Skin sensitization in vivo—LLNA:DA

The LLNA: DA in vivo test, based on the determination of the number of proliferating cells in the lymph nodes by measuring intracellular ATP (adenosine triphosphate) using a bioluminescence method, was performed according to ISO 10993-1032 and OECD TG 442A33. Healthy female Balb/c mice (Charles River Laboratories, Germany), aged 8–12 weeks, acclimatized for 7 days, were used in the experiment. Four animals were used per each experimental group (negative control—saline solution/oil, positive control—dinitrochlorobenzene, test groups—treated with the extract in polar extractant (saline solution) and in non-polar extractant (cottonseed oil), extracted according to ISO 10993-12 in the ratio of 3 cm2/ml solvent for 72 h at 37 °C.

Briefly, all the test samples were applied to the dorsal part of both ears of animals in each test group in the amount of 25 µl per ear on Day 1, 2, 3, and 7 of the experiment. On Day 8, the test animals were separately sedated by isoflurane (5%) and subsequently humanely killed with an overdose of CO2, the auricular lymph nodes were removed and a cell suspension was prepared, diluted, transferred into three parallel wells of a white microtiter plate (100 µl per well), and mixed with 100 µl of Cell Titer-Glo Luminescent Reagent (PROMEGA). Bioluminescence (in relative luminescence units) was measured by a luminometer (GloMax-Multi Detection System, Promega). The results were expressed as Stimulation Index (SI), which was obtained by comparing the average values of the test group or the positive control group with the negative control group.

Performance testing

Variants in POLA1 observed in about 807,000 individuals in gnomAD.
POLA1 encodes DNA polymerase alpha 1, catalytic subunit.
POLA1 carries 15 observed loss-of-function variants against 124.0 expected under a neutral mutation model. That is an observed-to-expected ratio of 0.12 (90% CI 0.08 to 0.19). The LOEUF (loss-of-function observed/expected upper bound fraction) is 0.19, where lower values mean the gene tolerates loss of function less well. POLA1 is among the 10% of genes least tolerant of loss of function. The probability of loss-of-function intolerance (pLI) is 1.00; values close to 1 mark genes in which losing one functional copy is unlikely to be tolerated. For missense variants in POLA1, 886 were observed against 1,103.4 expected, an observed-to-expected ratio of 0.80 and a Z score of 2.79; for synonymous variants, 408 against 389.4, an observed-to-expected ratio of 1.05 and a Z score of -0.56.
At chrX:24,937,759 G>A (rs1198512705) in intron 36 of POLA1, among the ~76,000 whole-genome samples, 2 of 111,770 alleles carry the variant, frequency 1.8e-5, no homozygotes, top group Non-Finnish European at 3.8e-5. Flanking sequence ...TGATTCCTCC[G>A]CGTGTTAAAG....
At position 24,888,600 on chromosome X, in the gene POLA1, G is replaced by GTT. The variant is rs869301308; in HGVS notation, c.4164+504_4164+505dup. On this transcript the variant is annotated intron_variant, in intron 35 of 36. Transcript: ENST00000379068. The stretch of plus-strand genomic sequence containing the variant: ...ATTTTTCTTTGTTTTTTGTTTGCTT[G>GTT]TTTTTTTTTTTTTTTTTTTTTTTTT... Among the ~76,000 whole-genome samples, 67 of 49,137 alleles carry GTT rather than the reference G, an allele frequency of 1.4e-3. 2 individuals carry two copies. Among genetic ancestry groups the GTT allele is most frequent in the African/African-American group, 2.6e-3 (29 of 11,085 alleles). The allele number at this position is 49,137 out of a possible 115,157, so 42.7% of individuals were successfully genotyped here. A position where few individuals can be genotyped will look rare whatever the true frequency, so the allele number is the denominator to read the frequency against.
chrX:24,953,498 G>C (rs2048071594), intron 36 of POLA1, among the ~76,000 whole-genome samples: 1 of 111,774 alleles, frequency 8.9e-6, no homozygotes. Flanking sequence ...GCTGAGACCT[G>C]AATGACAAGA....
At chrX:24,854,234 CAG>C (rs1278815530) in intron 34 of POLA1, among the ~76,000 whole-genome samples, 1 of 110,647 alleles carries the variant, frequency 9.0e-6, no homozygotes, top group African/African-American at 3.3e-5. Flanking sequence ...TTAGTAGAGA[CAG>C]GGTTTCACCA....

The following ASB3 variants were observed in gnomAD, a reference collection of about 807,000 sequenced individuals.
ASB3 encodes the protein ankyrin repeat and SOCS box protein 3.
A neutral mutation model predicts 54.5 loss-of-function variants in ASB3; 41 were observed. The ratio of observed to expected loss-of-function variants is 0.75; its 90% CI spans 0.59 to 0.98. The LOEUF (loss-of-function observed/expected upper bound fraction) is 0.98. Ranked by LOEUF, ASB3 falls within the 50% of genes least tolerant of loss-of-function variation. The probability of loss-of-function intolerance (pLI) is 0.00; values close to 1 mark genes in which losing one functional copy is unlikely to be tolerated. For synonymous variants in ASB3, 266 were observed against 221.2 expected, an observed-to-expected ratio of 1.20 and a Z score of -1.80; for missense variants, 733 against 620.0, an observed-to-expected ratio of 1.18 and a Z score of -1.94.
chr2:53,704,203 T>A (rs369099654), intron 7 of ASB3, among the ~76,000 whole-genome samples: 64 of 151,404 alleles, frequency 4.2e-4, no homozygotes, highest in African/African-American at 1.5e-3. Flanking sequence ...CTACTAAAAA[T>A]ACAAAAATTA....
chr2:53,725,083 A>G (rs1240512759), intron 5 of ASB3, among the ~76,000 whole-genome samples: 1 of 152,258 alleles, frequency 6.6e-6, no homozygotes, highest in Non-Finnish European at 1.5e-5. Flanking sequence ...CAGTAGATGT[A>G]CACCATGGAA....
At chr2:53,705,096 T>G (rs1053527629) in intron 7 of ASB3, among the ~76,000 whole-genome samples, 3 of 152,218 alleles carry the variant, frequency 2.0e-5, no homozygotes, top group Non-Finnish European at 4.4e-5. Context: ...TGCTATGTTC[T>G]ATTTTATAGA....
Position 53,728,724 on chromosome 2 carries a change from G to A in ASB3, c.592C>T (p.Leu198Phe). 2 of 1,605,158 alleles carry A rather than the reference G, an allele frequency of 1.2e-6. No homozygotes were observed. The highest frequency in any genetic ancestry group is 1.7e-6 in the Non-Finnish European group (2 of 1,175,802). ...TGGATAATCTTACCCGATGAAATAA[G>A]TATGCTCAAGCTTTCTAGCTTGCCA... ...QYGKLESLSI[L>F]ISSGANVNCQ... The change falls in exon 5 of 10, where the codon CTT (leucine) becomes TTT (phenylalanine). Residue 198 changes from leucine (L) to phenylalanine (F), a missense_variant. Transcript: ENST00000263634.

To assess the performance of different encapsulation materials and technologies, a similar methodology that was used in prior research5 was designed and used. All implantable devices were incubated at 37 °C while immersed horizontally (to promote water ingress) in phosphate-buffered saline solution at a pH of 7.4 which corresponds to the normal pH of blood. At several distinct data points (before immersion, after 10 min, 1 h, 4 h, 1 day, 5 days, and 15 days), the electrical parameters of the embedded electronic circuit were assessed by electrical measurement. Before the measurement, exposed terminals or exposed ends of the cable were briefly sprayed with DI water and dried with a paper towel. The measurement accuracy of the used meter (Lutron LCR-9184) at the selected measurement frequency of 100 Hz and range of up to 200 nF and 20 kOhm is ± (0.5% + 5 digits). The RMS voltage of the excitation waveform is 600 mV. For capacitance, these uncertainty values are valid when the dissipation factor is less or equal to 0.1. In this scenario, the dissipation factor is going to be around 0.63 (100 nF capacitor and 10 kOhm resistor in series at 100 Hz,the ESR of a ceramic capacitor at this frequency is negligible). Thus, based on the manufacturer’s recommendations, it was necessary to compensate for this by multiplying by a factor \(\sqrt{1+{D}^{2}}=1.18\to \mathrm{approx}.\pm \left(0.6\mathrm{\% }+ 5\mathrm{ digits}\right)\). The final accuracy of the meter for the selected measurement range was then \(\pm \left(0.6\mathrm{\% }+ 0.05\mathrm{ nF}\right)\) for capacitance and \(\pm \left(0.5\mathrm{\% }+ 0.05\mathrm{ kOhm}\right)\) for resistance.